10 African American Authors to Read This Month

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February is African American History month and the month when we celebrate Women in Horror. I have strong, mixed feelings about both of these because I think women and black authors should be part of your reading all year long. That being said, I’ve made my peace with both events for a plethora of reasons, and one of them is the fact that, if folks are going to be paying attention and trying to read black authors this month, then the best thing to do is take advantage of that and give them a bunch of recommendations. Here are some for you and to share with every reader you know. The list is by no means exhaustive, but it does contain some of my favorites.

Chesya Burke

Burke is dangerously smart and attuned to every underlying racial issue in this country. Her work is a brave, strong breath of fresh air that belongs to our time while also staying in touch with the past. Go read her now.


Scott Adlerberg

I'm currently reading Adlerberg's Jack Waters and realizing that few contemporary authors can switch styles the way he does. If you read his previous novel, Graveyard Love, and then read Jack Waters, you'll be reading two very different novels where an author nails pace, characterization, atmosphere, and dialogue in entirely different ways...and he's clearly the same author in both. Most folks know the next name on this list, but if you haven't read Adlerberg yet, make sure you do, because he deserves to be mentioned alongside...


Walter Mosley

Start a conversation about black crime authors and this will be the first name to pop up 98% of the time, and there's a reason for that. Think of every accolade possible in the field and this man has earned it. The Easy Rawlins novels will go down as must-reads for generations to come, and now is as good a time as any to get started on them if you haven't done so yet.


Octavia Butler

Simply put, not reading Butler leaves a giant hole in your reading history. Luckily, doing so happens to be the best way of finding out why they call her the grand dame of science fiction.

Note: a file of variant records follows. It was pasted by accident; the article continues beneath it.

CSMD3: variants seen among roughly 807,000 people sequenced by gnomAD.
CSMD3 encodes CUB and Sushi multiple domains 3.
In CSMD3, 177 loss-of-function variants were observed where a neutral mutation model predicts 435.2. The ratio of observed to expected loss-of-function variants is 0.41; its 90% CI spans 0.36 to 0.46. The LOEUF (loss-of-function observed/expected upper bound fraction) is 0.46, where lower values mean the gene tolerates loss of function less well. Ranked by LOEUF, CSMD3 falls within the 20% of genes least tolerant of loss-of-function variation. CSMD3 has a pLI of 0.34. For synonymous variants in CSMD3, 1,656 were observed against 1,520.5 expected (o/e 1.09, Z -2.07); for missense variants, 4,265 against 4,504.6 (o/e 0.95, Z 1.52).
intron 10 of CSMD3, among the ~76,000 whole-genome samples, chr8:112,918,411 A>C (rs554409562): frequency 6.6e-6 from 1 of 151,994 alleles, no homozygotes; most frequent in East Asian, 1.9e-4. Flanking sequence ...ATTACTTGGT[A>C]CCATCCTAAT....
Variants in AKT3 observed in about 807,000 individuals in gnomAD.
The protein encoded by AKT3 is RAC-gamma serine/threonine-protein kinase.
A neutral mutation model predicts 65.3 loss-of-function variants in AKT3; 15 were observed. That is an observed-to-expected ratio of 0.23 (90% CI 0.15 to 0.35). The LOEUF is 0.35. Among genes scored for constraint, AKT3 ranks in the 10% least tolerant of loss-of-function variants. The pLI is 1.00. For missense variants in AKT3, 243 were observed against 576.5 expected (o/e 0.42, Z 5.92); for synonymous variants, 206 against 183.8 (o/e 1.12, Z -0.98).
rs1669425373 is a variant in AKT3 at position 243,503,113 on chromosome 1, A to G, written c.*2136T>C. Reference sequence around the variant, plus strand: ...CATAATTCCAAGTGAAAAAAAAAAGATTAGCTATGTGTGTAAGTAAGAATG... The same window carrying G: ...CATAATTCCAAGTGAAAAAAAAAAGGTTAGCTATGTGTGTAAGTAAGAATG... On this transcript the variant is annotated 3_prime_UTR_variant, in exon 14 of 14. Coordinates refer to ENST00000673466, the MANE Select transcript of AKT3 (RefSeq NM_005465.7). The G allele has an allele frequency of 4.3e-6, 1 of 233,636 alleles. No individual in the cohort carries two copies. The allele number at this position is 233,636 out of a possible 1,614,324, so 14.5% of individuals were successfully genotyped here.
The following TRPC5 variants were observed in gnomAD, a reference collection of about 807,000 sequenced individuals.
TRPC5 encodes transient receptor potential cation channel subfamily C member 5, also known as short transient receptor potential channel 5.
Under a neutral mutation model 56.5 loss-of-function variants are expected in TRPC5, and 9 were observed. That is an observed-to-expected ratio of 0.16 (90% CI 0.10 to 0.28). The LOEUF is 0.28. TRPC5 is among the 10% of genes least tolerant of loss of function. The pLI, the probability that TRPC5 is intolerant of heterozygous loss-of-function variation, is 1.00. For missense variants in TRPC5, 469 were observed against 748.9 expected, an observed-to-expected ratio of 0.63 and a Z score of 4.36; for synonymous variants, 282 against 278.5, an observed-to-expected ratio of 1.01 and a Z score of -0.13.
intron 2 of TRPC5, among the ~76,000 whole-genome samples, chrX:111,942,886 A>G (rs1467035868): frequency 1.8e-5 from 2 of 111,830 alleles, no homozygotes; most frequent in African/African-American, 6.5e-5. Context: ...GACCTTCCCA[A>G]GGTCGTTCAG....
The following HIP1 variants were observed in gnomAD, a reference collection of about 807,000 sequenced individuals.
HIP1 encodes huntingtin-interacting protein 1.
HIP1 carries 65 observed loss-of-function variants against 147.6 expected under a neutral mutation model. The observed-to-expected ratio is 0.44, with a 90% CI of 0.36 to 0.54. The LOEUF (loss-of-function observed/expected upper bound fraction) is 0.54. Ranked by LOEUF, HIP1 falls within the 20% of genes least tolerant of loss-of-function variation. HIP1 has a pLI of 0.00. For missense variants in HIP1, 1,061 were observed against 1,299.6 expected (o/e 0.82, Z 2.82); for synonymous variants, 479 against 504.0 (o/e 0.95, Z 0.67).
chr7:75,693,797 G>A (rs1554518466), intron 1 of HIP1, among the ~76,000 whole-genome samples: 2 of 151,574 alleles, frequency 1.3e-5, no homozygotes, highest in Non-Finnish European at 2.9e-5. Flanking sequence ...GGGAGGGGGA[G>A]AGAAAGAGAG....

Langston Hughes

Everything I have to say about this man I already said right here at LitReactor at the beginning of the month: Celebrating Langston Hughes.


James Baldwin

Baldwin is a literary giant and I could write 3k words about him here, but I won't. Instead, I'll offer you this humble opinion: for folks interested in race in this country, there is one exercise that is necessary and without which an understanding of race is somewhat incomplete: looking at it through the lens of James Baldwin.


Linda D. Addison

The great mystic/poet Isaac Kirkman turned me on to Addison's work. Forget all the awards or the fact that she is the the first African-American winner of the Bram Stoker Award and just read her. There, I've achieved cosmic balance by paying it forward.


Roxane Gay

You know what? Forget her books for now. Look her up and read some interviews. Go read her tweets and any scattered essays you can find. Look at the way she tackles subjects. Enjoy her attitude when replying to assholes online. Read about her pulling her book because fuck Milo. Then, after you've already fallen in love with her, go read her books. 


bell hooks

I know many grad students who were blown away by their first encounter with thinkers like Michel Foucault and Noam Chomsky. For me, that experience came from encountering the words of two women: Gloria Anzaldúa and bell hooks. You're lucky, too, because she has a new book out. Go read some shining words.


Wrath James White

White is one of the undisputed hardcore horror masters, but the pain, fear, and gore present in his work do nothing to hide the smart racial commentary underneath it all.

As I mentioned above, this is a list of favorites, the first ten names that popped into my head, not a complete lists of African American authors. You should read Tananarive Due, Helen Oyeyemi, Nnedi Okorafor, Richard Wright, and Ta-Nehisi Coates. You should read the amazing Chester Himes, a crime maestro whose work should be part of every writer's education. You should read Ralph Ellison, Colson Whitehead, and Nisi Shawl, whom I had the pleasure of sharing a panel with and whose words, on paper and from her own mouth, are worth your time.

Now it's your turn to tell us about your favorites. Links to books would be awesome, too, so get to it and happy reading.

Gabino Iglesias

Column by Gabino Iglesias

Gabino Iglesias is a writer, journalist, and book reviewer living in Austin, TX. He’s the author of ZERO SAINTS, HUNGRY DARKNESS, and GUTMOUTH. His reviews have appeared in Electric Literature, The Rumpus, 3AM Magazine, Marginalia, The Collagist, Heavy Feather Review, Crimespree, Out of the Gutter, Vol. 1 Brooklyn, HorrorTalk, Verbicide, and many other print and online venues. 

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